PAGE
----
What to Do Tonight: Coffinberry's Farewell Show

Working on Mozart’s rarely played “Concerto for Eight Hands”
  • Working on Mozart’s rarely played “Concerto for Eight Hands”

It’s a sunny Sunday afternoon in late July and Tony Cross and Pat O’Connor are relaxing at their West 117th Street headquarters. They’re reminiscing about eight years of playing music in the Cleveland rock quartet Coffinberry (while drinking champagne spritzers and Bloody Marys), talking about blasting out fuzzy rock grooves at breakneck speeds with their best buds.

“We’re all better friends at this point than we are members of the band,” says drummer Cross. “Back when we started, I was always amazed at bands that weren’t friends. If they were friends, they weren’t close friends; they just met to practice. I never wanted it to be like that. I wanted it to just be buddies getting together to play.”

Coffinberry were inseparable for nearly a decade — buddies, band, roommates, and partners in crime. When the four pals weren’t out playing at local bars, they were always hanging at this very house on West 117th Street, where they’ve all lived for six years (Tony’s brother and singer-guitarist Nick Cross and guitarist Tony Janicek included). Practicing and often recording in the mini-studio in the basement, the band made three albums, two EPs, and two seven-inch vinyl singles of excellent indie rock — a mixture of low-fi garage, high-spirited R&B, and real-gone acoustic roots.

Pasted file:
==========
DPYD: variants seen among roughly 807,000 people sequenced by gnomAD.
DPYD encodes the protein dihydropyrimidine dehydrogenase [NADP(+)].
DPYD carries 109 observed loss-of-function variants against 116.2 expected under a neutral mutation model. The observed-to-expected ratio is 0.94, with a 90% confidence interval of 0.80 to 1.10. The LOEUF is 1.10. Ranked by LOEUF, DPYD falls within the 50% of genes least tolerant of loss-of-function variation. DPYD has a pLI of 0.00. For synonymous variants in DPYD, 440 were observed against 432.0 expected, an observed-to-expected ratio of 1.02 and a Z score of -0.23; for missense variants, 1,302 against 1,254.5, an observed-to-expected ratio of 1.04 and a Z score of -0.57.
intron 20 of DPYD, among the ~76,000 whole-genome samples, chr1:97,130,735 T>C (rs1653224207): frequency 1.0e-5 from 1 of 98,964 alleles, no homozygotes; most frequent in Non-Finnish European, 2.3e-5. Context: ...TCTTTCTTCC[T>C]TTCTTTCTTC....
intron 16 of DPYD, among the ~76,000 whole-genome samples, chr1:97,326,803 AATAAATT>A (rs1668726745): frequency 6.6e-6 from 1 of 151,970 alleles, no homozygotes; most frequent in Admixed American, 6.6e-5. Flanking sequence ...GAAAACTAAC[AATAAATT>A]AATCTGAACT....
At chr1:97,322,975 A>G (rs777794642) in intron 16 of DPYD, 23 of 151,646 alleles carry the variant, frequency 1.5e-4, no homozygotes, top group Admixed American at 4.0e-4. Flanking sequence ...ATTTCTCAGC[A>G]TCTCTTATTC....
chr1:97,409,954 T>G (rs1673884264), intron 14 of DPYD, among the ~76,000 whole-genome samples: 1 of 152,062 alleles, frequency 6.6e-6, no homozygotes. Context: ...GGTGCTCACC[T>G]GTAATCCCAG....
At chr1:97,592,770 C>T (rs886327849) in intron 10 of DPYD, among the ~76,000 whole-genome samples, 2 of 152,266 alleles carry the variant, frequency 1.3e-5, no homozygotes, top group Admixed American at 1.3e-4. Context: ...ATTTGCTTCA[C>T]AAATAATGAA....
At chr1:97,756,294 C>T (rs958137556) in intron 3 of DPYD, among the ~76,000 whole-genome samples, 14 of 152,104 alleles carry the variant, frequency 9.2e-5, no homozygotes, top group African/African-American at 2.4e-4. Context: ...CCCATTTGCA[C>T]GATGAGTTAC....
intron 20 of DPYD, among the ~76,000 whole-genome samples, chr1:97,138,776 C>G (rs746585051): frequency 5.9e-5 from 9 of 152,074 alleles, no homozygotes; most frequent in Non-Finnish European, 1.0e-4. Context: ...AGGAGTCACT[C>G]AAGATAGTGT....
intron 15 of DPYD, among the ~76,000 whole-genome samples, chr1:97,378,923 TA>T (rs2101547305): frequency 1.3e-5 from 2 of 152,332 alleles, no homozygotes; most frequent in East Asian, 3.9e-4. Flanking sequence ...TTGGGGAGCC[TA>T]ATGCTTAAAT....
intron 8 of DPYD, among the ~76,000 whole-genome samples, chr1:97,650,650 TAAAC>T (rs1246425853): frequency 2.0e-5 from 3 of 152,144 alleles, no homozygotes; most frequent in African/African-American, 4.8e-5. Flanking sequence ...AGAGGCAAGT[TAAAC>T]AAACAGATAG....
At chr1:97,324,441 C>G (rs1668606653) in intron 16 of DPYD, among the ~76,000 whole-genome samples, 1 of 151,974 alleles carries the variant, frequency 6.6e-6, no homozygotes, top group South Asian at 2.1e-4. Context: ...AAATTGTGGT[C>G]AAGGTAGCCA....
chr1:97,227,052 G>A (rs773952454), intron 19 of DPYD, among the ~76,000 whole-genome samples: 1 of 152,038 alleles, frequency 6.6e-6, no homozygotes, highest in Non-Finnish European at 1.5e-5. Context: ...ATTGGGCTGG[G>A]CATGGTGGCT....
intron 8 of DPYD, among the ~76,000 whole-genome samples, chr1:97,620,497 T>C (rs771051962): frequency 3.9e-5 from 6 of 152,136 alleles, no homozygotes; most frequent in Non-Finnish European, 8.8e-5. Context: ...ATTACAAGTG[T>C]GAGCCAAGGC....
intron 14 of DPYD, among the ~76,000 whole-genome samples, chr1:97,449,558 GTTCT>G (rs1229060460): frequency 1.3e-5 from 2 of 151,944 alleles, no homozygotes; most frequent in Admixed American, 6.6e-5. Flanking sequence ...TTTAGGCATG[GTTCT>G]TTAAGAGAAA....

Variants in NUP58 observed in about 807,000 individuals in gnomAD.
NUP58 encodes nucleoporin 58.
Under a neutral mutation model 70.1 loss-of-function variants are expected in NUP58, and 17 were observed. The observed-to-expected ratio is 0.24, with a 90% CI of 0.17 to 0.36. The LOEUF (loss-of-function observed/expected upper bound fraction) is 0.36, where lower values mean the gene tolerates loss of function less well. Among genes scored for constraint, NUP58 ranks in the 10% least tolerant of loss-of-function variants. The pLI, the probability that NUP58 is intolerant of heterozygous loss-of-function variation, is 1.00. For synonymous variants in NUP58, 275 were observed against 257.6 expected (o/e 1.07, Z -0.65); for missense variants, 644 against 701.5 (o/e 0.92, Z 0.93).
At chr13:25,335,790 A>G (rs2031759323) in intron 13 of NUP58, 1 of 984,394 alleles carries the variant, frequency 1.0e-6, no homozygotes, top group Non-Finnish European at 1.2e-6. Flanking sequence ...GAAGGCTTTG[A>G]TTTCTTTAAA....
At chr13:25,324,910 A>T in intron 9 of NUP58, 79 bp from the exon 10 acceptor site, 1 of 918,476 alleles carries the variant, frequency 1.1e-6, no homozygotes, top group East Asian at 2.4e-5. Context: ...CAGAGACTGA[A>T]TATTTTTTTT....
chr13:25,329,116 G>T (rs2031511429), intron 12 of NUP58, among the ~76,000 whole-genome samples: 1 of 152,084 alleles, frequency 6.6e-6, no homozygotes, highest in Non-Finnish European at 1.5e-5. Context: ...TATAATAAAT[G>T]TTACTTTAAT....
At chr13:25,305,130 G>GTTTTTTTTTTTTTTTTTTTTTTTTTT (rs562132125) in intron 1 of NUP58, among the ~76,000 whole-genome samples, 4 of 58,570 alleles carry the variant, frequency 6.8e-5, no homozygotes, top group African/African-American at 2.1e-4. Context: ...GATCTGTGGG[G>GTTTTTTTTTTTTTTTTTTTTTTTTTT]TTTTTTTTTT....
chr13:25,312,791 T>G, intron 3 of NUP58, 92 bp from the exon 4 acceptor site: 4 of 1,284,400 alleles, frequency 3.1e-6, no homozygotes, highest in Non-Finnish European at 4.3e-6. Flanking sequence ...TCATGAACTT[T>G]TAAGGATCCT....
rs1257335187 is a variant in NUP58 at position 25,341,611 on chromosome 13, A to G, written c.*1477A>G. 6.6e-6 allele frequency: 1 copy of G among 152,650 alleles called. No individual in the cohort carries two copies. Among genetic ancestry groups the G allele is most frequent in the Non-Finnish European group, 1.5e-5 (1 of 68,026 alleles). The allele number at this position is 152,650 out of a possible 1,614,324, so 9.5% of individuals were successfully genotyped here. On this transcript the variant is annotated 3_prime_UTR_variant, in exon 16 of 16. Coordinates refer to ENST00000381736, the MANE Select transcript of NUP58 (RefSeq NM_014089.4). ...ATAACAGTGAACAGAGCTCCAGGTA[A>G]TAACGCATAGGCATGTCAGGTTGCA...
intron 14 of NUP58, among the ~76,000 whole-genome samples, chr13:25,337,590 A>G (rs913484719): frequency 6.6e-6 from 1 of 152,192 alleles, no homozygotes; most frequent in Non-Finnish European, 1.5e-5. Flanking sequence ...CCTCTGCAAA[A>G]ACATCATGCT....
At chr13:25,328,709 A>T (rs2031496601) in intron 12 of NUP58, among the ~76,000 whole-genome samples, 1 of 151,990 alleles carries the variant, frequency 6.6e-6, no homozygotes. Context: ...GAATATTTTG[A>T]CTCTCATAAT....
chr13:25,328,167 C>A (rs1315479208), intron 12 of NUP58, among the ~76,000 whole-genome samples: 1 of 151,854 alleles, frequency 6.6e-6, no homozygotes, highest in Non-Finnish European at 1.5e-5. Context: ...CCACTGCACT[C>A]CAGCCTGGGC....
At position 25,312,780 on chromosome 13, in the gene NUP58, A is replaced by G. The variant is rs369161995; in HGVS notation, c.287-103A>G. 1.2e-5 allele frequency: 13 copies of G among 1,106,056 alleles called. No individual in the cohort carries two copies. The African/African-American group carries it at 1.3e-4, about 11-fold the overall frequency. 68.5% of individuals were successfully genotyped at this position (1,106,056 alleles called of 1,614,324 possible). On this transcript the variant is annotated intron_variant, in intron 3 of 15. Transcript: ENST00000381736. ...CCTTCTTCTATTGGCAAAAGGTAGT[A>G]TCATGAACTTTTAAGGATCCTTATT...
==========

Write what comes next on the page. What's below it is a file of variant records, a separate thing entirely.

But times are changing. As Janicek prepares to move to Portland, Oregon, the group is playing its final show this weekend. “We thought about maybe keeping going and finding someone else, but it wouldn’t be the same,” says bassist O’Connor. “We’ve released half a dozen records, played a lot of shows, and toured the country. We’ve been doing this since 2001. It seems like it’s run its course.”

But before the band calls it quits, the guys have prepared a parting gift for fans and friends: a final album, Adult Situations. It’s their loudest, most raucous set of barroom bruisers yet — a simultaneously sentimental and smartass sort of farewell.

“Some of the lyrics are about things ending — relationships and friendships and transitions — which is why I like the title,” says Tony Cross. “[It’s] something [you hear] when you’re younger, and someone tells you, ‘Hey, this is really an adult situation.’”